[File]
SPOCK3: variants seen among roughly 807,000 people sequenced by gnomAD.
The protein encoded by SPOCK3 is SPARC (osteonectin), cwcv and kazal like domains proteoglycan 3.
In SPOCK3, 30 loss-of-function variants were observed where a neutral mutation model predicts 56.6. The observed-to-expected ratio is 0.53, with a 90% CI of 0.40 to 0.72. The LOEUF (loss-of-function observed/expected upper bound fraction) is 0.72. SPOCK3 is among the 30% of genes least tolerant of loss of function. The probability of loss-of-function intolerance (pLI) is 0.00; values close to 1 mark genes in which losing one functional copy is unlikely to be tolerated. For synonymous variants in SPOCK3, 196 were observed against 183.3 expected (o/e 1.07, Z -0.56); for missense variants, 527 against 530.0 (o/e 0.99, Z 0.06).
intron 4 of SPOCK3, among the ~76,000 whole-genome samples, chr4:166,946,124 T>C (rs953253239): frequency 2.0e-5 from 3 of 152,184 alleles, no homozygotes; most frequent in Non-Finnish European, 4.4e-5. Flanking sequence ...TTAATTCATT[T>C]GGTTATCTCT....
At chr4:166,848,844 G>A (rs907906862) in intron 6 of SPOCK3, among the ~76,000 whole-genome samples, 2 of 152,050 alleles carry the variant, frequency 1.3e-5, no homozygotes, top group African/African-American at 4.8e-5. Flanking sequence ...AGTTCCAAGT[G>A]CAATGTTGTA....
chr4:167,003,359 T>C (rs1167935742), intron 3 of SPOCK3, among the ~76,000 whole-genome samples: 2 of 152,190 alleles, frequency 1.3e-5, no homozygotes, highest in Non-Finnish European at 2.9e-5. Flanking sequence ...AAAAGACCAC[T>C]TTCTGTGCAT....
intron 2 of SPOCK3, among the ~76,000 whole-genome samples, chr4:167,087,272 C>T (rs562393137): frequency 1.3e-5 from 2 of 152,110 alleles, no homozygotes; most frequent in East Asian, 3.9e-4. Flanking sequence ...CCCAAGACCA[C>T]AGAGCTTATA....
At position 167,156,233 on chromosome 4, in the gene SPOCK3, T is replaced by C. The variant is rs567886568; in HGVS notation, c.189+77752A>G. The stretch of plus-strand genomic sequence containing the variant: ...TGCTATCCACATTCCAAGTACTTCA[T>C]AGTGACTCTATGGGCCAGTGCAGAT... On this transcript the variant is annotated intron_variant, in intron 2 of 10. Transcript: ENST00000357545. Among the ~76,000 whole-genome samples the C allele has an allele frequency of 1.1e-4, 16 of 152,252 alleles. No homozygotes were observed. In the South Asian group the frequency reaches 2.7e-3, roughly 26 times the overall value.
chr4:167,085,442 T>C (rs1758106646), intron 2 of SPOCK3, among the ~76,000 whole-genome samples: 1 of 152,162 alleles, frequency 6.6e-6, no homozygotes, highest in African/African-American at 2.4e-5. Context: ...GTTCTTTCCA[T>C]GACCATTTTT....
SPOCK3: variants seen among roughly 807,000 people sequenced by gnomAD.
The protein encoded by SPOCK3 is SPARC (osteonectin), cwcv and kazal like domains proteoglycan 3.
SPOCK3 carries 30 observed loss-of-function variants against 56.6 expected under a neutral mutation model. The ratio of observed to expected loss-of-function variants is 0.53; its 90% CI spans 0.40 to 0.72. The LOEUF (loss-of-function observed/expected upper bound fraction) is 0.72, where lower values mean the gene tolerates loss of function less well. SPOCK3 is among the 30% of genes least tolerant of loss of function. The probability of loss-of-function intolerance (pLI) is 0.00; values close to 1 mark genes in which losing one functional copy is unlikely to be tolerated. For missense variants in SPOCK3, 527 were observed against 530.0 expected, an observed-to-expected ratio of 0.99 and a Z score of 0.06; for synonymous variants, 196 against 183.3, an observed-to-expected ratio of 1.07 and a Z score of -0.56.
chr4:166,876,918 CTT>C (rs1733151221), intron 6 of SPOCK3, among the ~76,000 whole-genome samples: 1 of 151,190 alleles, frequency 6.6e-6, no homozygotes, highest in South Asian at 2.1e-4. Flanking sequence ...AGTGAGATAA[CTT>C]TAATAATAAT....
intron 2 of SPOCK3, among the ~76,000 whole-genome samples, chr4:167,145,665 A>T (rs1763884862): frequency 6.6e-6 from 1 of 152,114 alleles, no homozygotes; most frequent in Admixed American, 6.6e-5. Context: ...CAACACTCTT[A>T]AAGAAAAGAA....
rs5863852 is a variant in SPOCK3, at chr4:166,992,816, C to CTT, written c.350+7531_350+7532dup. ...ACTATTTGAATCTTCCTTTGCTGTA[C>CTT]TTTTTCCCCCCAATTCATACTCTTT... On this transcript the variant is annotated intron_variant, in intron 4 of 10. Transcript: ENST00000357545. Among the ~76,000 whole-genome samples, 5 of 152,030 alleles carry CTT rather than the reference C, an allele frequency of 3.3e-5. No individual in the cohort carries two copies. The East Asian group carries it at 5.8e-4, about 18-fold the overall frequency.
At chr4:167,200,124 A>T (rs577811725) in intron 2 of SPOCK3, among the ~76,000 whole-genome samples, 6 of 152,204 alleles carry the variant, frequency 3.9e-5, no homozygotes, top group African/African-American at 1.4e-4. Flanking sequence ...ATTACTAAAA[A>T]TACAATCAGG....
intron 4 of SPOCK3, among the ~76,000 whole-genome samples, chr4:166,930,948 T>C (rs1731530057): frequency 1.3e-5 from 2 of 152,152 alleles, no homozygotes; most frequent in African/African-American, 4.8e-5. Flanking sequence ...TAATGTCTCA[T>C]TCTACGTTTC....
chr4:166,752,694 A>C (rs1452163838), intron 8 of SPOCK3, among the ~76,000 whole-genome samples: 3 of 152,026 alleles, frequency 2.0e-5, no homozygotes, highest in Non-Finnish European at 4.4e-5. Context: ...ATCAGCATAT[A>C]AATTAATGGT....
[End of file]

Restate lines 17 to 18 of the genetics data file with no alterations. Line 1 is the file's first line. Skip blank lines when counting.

intron 4 of SPOCK3, among the ~76,000 whole-genome samples, chr4:166,930,948 T>C (rs1731530057): frequency 1.3e-5 from 2 of 152,152 alleles, no homozygotes; most frequent in African/African-American, 4.8e-5. Flanking sequence ...TAATGTCTCA[T>C]TCTACGTTTC....
chr4:166,752,694 A>C (rs1452163838), intron 8 of SPOCK3, among the ~76,000 whole-genome samples: 3 of 152,026 alleles, frequency 2.0e-5, no homozygotes, highest in Non-Finnish European at 4.4e-5. Context: ...ATCAGCATAT[A>C]AATTAATGGT....